They found that cities followed a few different patterns of growth regulation regimes, which they classify into four orders:
Traditional. This covers 34 metros and 75 million people. In these areas, "planning and zoning remains mostly voluntary, few local governments engage in innovative land-use regulation, and state review of local plans is mostly absent. These are also highly 'fragmented' metropolitan areas with large numbers of local governments, each of which regulates land use based mainly on its own calculus." Densities are falling faster in these areas than elsewhere, and they tend to offer fewer housing opportunities for low-income residents.
Exclusion. These areas regulate against the construction of low-density apartment complexes, and "share a comparatively low use of tools to require that development 'pay its own way'.” Housing prices tend to be relatively high in these areas.
Wild Wild Texas. The Lone Star State is sui generis, its cities less restricted than any others in the country, partly because zoning and comprehensive growth plans are both disallowed for Texas counties. These cities have some of the lowest housing prices, but note that this report was from 2006, the height of the housing bubble.
Reform. These metros use a broad range of tools to regulate and manage development. Central cities in these areas tend to be more prosperous, with more college graduates and homeowners, than in the Exclusion and Traditional areas. (This goes for Texas as well.) The growth control group within this family has thte highest housing prioes in the country.
One thing worth noting is that, though the essentially deregulated environment in Texas is characterized by affordable housing and (in 2010) one of the least bad state economies (not saying much), this is largely due to the existence of uncharacteristically progressive regulations in the mortgage market which kept the housing bubble at bay in Texas' biggest cities. And, of course, the affordability of these cities has lots of external costs in the form of environmental impacts, particularly the worsening of global warming engendered by all that new sprawl. Meanwhile, the report says that reform cities generally offer the best opportunities for minorities (again, ca. 2006; but these areas are generally getting hammered economically right now); and that they succeed when they are oriented towards growth management rather than growth control, the latter of which suppresses development in already built areas.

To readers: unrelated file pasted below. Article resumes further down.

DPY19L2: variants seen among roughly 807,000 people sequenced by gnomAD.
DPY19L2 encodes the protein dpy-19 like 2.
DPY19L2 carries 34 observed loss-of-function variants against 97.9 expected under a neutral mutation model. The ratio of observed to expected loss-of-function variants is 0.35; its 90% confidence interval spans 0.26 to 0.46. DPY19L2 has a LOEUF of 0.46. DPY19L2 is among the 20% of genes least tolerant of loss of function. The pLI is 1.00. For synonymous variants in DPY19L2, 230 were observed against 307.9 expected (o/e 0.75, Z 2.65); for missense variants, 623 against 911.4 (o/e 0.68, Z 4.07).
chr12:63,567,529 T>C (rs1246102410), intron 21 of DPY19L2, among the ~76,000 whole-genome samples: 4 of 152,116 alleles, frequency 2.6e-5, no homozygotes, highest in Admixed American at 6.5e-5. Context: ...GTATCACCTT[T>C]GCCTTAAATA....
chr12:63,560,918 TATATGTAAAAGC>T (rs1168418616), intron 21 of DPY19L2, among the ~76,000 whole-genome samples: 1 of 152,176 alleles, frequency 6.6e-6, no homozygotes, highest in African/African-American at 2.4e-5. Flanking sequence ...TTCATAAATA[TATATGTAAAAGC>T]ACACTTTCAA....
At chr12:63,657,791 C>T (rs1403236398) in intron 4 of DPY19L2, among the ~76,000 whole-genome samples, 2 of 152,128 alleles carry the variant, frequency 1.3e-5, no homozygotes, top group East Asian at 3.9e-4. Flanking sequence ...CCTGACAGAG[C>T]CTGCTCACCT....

Krugman makes a further point:
Oh, and someone will surely raise the claim that this shows that you mustn’t have “smart growth” policies because they cause housing bubbles. Can I say that this is deeply stupid? On one side, we’re supposed to believe that markets are efficient and wonderful; on the other, we’re supposed to believe that anything which constrains buildable land — which, you know, sometimes happens for entirely natural reasons — will send markets into wild irrational swings. Those poor, fragile, omnipotent markets, able to handle anything except mild government intervention …I more or less agree with this sentiment, though I wouldn't necessarily call the opposing view "deeply stupid." I think that on the one hand, a truly deregulated growth environment is sort of like what Ghandi said about Western democracy: it would be a nice idea and we whould try it some time. Even cities like Houston have lots of regulations about how cities can be built, for instance, employing minimum parking space requirements that exacerbate sprawl. (I actually don't know if a truly unregulated city growth pattern would be a 'nice idea,' but it would be interesting to have one such American city as a test case.) But on the other hand, I think what you get from a radically free market in urban development is what you usually get from radically free markets: a tremendous ability to satisfy consumer demand in the short-term, plus horrendous externalized costs (environmental degradation, including global warming, and so forth) and other terrible consequences that tend to mount over the long term, and which private individuals have little incentive to account for.